I’m torn on eateries with ampersands. Hot & Crusty has always sounded grotesque (and their remedial website doesn’t do much to change my mind) but Spicy & Tasty kind of tells it like it is so no worries. After my initial surprise at this Flushing Sichuan restaurant getting the New York Times main review treatment (they’d already had an Under $25 write up a few years back) last Wednesday, I became fixated on getting Sichuan food, specifically beef tendon in chile oil, immediately.
Ultimately, I would have to wait until the weekend for a Flushing excursion but I was going crazy at work. I was finally able to put Menu Pages’s Find-a-Food feature to work (it normally annoys me because you have to specify a neighborhood first instead of being able to search across the board). W. 40s + beef tendon=Wu Liang Ye, a pretty reputable place that was only a block from my office. I was happy to have a rendition readily available to me but I wasn’t keen on midtown prices. As it turned out, the speculation became moot since soon after my find I became explosively ill and had to leave work.
A day and half later I was back and coughed up the $10.80 with tax (more than twice my lunch allowance) for my damn beef tendon, but it had to be done. Instead of being satisfied, I just wanted more Sichuan food so Saturday I headed to Little Pepper. I’m really not sure how influential a New York Times review is on drawing crowds to the outer boroughs but I wasn’t taking any chances on Spicy & Tasty. If I’m correct, Little Pepper is in Spicy & Tasty’s old spot so it all makes sense in a way.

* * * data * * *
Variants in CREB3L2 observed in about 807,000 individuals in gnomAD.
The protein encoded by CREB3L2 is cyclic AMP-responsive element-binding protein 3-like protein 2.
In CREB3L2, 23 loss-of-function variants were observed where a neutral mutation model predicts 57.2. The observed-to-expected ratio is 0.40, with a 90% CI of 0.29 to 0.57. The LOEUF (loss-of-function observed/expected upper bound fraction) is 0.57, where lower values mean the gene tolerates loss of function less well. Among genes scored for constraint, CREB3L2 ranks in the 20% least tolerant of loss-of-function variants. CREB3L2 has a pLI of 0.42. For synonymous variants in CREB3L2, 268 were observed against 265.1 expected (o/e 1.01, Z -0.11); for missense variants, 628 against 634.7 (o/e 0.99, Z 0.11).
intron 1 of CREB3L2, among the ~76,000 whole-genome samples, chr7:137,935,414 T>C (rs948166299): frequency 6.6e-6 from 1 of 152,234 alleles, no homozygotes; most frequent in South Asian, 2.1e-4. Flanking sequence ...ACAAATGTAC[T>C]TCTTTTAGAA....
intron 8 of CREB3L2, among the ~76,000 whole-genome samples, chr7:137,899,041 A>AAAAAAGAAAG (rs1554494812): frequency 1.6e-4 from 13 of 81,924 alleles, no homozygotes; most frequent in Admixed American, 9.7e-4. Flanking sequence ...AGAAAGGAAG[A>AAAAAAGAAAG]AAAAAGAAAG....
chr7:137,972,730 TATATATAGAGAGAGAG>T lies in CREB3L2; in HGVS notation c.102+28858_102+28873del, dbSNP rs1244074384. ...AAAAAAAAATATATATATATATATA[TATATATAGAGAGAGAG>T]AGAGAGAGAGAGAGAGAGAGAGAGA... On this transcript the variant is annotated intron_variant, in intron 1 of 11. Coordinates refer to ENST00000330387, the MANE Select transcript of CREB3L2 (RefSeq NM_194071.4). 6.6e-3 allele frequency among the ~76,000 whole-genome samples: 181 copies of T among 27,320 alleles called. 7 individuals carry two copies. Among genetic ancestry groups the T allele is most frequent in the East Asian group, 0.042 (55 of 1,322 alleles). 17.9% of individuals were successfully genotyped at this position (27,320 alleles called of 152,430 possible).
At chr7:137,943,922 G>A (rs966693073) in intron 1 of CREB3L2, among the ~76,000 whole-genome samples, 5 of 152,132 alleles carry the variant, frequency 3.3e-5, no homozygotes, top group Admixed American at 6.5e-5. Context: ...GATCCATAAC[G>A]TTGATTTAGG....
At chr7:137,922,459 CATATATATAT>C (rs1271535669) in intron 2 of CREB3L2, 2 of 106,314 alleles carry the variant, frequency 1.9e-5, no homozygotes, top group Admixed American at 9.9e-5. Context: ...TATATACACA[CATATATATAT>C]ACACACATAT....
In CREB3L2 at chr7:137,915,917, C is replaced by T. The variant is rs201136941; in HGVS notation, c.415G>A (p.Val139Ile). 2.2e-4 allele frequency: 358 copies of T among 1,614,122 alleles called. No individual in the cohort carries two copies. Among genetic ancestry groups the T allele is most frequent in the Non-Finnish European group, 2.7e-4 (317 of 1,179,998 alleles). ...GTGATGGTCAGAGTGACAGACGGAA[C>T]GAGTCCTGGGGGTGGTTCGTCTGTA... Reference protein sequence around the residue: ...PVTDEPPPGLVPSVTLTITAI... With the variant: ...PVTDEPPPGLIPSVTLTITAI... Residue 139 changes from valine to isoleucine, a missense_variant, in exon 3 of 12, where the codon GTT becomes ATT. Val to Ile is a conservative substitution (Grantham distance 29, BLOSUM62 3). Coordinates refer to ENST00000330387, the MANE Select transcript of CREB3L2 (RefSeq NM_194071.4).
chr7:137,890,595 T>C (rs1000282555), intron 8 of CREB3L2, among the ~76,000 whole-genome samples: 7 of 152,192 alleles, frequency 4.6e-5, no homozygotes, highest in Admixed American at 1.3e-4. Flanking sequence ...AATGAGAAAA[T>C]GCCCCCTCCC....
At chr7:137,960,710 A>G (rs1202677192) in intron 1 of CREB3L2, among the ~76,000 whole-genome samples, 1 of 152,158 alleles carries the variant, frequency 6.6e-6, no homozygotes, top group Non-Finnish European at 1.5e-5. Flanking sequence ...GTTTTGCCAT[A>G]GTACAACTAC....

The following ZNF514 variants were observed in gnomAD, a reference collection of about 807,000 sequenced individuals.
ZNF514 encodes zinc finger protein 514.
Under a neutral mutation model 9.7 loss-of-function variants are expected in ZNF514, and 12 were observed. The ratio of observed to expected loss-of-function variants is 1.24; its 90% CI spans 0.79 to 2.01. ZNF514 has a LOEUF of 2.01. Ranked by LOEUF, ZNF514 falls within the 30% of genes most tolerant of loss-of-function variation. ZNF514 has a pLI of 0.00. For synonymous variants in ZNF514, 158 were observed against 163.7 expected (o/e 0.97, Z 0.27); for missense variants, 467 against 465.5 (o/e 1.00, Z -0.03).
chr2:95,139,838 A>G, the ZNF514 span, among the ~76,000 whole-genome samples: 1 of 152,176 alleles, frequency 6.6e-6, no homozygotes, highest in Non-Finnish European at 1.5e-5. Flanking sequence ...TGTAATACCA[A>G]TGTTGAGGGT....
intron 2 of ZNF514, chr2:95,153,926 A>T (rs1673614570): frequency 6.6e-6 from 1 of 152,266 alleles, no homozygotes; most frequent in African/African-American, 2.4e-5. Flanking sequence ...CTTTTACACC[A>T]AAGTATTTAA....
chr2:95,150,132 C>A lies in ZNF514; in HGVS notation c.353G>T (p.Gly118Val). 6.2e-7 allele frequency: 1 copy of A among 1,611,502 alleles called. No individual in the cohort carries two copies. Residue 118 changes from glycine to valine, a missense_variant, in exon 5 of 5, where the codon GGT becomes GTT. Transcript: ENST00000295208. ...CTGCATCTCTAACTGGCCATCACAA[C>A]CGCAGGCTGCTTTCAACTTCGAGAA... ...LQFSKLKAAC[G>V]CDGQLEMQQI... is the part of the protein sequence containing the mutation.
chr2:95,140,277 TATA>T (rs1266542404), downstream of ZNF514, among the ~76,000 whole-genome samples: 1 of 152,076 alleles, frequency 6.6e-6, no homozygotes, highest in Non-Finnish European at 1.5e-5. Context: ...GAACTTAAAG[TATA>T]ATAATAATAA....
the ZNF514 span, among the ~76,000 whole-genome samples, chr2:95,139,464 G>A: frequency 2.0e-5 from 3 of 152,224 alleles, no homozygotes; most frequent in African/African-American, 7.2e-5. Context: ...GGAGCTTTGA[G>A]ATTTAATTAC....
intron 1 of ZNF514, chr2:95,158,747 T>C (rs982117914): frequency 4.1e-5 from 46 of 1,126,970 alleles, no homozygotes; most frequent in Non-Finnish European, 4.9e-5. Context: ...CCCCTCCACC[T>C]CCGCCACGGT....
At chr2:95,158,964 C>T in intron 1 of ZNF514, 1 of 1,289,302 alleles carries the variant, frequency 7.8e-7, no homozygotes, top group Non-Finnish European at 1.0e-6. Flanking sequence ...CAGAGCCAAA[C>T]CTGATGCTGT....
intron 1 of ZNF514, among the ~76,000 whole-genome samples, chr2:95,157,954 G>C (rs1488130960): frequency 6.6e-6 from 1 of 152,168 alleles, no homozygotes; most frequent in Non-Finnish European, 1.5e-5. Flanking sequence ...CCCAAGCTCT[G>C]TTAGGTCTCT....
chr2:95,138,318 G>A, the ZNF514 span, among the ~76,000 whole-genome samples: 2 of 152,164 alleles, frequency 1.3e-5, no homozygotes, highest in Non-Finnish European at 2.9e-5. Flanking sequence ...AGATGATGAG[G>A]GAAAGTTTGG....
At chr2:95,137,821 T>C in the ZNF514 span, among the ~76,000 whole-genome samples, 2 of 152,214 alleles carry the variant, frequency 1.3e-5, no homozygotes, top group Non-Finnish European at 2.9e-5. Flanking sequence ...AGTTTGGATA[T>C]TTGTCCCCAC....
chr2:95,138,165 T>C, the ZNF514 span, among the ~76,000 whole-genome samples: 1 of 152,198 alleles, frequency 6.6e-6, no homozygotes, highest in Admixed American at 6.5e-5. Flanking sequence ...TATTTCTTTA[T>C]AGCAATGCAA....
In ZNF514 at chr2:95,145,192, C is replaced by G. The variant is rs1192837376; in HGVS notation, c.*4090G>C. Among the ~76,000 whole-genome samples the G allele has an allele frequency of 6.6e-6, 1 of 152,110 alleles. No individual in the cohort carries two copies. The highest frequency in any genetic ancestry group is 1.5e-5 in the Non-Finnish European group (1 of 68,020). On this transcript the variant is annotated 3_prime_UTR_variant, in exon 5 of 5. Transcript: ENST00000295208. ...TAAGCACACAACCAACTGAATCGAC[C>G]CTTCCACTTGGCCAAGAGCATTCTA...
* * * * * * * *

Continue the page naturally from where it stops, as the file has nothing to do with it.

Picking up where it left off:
This time we sat in the subterranean dining room like I think you’re supposed to. We were given a little dishes of peanuts and pickled vegetables, which we didn’t receive last time. Snacks alone are reason enough to sit downstairs. The weirdest thing was that right after we were seated, the same mismatched Chinese family with the angry order barking Archie Bunker/corrupt union boss that we saw last time came in. At first, I wasn’t sure if it was the same strange family or if this was a Flushing archetype, but then he started sweating wildly and spent the meal constantly wiping his head and neck with napkins so I knew it was our guy. Maybe they’re there every Saturday. They didn’t appear to pay for their meal so obviously there’s more to this story. His wife kept staring at me and I was like “You’re married to a freak. Why on earth are you giving me the eye?”
We got the cumin lamb like last time, then tried the dan dan noodles (except they don’t call them dan dan noodles) with beef, shredded eggplant with peppers (which the waitress said was better than the eggplant in garlic sauce listed above this item) and enhanced pork. How could you ignore pork that’s been enhanced? I’m not quite sure what that means, if it’s a too literal translation or what, but I think they also serve it at Spicy & Tasty. Here, it’s salty slices of pork belly laced with thin strips of hot green chiles.